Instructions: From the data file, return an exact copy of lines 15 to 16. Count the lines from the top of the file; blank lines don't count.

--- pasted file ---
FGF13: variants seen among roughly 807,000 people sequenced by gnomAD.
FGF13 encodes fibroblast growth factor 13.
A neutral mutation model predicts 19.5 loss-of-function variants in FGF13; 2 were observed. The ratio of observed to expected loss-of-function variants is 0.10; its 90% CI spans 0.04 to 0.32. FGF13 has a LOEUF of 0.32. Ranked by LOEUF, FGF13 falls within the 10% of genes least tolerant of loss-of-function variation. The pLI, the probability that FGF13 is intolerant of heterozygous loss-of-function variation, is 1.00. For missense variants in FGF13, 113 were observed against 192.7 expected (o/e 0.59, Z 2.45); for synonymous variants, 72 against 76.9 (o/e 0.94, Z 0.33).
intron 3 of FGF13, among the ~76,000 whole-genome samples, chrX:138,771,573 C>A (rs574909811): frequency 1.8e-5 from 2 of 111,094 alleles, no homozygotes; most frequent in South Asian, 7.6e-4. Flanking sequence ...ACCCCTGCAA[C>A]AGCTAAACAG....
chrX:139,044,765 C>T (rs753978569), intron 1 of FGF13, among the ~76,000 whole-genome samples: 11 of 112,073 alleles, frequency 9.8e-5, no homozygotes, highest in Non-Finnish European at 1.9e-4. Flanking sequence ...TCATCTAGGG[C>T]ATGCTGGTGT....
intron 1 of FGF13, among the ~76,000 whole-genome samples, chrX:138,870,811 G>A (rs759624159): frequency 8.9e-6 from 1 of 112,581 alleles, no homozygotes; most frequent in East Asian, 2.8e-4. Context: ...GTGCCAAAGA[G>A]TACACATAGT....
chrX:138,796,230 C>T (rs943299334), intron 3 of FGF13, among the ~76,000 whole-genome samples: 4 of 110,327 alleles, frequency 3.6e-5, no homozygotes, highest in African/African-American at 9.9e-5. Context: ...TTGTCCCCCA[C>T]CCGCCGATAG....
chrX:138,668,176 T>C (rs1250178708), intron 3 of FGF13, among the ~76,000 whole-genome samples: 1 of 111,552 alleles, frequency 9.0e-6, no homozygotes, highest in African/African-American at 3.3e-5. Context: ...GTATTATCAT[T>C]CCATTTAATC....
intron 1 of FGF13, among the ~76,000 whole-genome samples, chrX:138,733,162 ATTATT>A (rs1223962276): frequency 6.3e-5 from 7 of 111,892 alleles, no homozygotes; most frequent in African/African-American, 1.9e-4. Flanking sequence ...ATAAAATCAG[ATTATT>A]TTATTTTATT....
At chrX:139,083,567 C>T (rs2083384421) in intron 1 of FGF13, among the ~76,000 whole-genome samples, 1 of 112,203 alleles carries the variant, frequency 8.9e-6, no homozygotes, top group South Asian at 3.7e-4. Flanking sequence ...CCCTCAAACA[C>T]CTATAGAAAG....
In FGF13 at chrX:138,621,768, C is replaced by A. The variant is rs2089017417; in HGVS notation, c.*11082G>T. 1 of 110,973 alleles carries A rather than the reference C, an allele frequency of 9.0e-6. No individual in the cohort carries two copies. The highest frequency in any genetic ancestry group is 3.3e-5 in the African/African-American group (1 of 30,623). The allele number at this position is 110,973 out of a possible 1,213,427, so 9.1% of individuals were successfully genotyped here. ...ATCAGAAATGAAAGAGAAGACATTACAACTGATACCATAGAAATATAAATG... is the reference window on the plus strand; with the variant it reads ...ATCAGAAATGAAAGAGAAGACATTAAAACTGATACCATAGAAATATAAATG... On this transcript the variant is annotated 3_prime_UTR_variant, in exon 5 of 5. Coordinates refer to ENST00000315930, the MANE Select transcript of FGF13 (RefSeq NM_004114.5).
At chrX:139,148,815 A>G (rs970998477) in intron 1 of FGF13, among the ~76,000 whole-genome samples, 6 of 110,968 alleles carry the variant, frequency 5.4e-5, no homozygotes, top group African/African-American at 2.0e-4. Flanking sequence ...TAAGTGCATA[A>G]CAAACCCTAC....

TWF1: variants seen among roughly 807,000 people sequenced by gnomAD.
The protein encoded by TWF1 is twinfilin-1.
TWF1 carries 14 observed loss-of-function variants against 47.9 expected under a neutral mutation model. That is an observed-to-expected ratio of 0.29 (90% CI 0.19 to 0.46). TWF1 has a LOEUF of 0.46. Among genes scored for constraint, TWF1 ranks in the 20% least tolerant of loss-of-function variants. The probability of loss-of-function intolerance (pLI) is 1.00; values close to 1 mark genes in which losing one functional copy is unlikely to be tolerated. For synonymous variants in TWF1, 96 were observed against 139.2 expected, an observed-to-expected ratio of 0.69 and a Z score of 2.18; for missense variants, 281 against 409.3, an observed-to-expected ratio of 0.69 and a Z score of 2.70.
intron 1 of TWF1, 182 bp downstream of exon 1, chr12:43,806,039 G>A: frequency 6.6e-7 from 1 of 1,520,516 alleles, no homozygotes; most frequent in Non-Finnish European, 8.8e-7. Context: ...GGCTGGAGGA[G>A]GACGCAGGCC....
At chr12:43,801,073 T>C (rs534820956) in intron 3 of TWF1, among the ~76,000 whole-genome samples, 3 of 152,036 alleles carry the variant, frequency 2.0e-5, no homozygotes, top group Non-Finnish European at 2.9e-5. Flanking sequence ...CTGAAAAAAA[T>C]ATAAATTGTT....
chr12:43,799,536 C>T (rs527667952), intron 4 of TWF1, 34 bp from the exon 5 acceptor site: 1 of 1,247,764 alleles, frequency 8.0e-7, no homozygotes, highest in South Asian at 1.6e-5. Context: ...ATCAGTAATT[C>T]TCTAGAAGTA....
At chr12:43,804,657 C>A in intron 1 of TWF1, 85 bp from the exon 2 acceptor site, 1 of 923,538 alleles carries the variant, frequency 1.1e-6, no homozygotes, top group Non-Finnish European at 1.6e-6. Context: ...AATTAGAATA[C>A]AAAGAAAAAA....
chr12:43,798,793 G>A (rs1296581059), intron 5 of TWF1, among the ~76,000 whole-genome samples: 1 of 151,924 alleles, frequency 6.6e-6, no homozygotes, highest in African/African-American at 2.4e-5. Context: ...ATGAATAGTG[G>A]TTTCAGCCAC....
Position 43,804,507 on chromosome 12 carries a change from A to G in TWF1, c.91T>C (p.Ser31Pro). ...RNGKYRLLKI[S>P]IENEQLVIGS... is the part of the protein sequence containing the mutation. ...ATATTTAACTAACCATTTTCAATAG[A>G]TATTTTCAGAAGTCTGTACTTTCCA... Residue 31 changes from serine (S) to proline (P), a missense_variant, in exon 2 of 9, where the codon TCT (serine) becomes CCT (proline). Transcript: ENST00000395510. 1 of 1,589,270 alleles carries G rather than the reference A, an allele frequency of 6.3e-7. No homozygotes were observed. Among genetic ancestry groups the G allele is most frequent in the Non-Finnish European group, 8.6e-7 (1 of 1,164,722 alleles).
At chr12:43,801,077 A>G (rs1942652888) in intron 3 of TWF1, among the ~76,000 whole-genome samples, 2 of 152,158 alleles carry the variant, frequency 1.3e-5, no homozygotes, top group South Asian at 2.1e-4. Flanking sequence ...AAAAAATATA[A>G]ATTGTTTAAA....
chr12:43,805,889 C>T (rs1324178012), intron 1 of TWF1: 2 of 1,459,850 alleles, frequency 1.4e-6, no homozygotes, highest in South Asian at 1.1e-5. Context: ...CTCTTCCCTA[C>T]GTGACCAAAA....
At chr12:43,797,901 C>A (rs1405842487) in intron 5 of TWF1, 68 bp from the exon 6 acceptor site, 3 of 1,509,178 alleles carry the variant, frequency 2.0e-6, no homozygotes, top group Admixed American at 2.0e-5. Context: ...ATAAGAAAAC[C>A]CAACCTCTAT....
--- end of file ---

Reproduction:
TWF1 carries 14 observed loss-of-function variants against 47.9 expected under a neutral mutation model. That is an observed-to-expected ratio of 0.29 (90% CI 0.19 to 0.46). TWF1 has a LOEUF of 0.46. Among genes scored for constraint, TWF1 ranks in the 20% least tolerant of loss-of-function variants. The probability of loss-of-function intolerance (pLI) is 1.00; values close to 1 mark genes in which losing one functional copy is unlikely to be tolerated. For synonymous variants in TWF1, 96 were observed against 139.2 expected, an observed-to-expected ratio of 0.69 and a Z score of 2.18; for missense variants, 281 against 409.3, an observed-to-expected ratio of 0.69 and a Z score of 2.70.
intron 1 of TWF1, 182 bp downstream of exon 1, chr12:43,806,039 G>A: frequency 6.6e-7 from 1 of 1,520,516 alleles, no homozygotes; most frequent in Non-Finnish European, 8.8e-7. Context: ...GGCTGGAGGA[G>A]GACGCAGGCC....